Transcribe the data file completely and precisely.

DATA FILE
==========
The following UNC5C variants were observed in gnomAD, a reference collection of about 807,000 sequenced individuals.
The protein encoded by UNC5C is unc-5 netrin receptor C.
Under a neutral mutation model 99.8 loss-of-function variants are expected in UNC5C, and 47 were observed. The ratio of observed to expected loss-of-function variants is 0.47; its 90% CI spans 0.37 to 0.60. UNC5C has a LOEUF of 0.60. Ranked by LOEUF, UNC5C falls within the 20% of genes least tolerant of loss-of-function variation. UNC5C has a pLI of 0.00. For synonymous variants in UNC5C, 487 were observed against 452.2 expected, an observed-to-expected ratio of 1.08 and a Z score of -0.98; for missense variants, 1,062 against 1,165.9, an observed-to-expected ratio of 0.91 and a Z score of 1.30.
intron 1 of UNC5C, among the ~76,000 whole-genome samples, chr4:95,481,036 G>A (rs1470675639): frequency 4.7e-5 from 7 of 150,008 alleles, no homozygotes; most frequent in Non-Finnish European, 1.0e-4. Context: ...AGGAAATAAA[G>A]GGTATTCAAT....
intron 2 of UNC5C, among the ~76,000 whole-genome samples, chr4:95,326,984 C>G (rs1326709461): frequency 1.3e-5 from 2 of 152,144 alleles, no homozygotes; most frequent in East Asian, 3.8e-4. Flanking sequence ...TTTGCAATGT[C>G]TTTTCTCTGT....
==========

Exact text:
The following UNC5C variants were observed in gnomAD, a reference collection of about 807,000 sequenced individuals.
The protein encoded by UNC5C is unc-5 netrin receptor C.
Under a neutral mutation model 99.8 loss-of-function variants are expected in UNC5C, and 47 were observed. The ratio of observed to expected loss-of-function variants is 0.47; its 90% CI spans 0.37 to 0.60. UNC5C has a LOEUF of 0.60. Ranked by LOEUF, UNC5C falls within the 20% of genes least tolerant of loss-of-function variation. UNC5C has a pLI of 0.00. For synonymous variants in UNC5C, 487 were observed against 452.2 expected, an observed-to-expected ratio of 1.08 and a Z score of -0.98; for missense variants, 1,062 against 1,165.9, an observed-to-expected ratio of 0.91 and a Z score of 1.30.
intron 1 of UNC5C, among the ~76,000 whole-genome samples, chr4:95,481,036 G>A (rs1470675639): frequency 4.7e-5 from 7 of 150,008 alleles, no homozygotes; most frequent in Non-Finnish European, 1.0e-4. Context: ...AGGAAATAAA[G>A]GGTATTCAAT....
intron 2 of UNC5C, among the ~76,000 whole-genome samples, chr4:95,326,984 C>G (rs1326709461): frequency 1.3e-5 from 2 of 152,144 alleles, no homozygotes; most frequent in East Asian, 3.8e-4. Flanking sequence ...TTTGCAATGT[C>G]TTTTCTCTGT....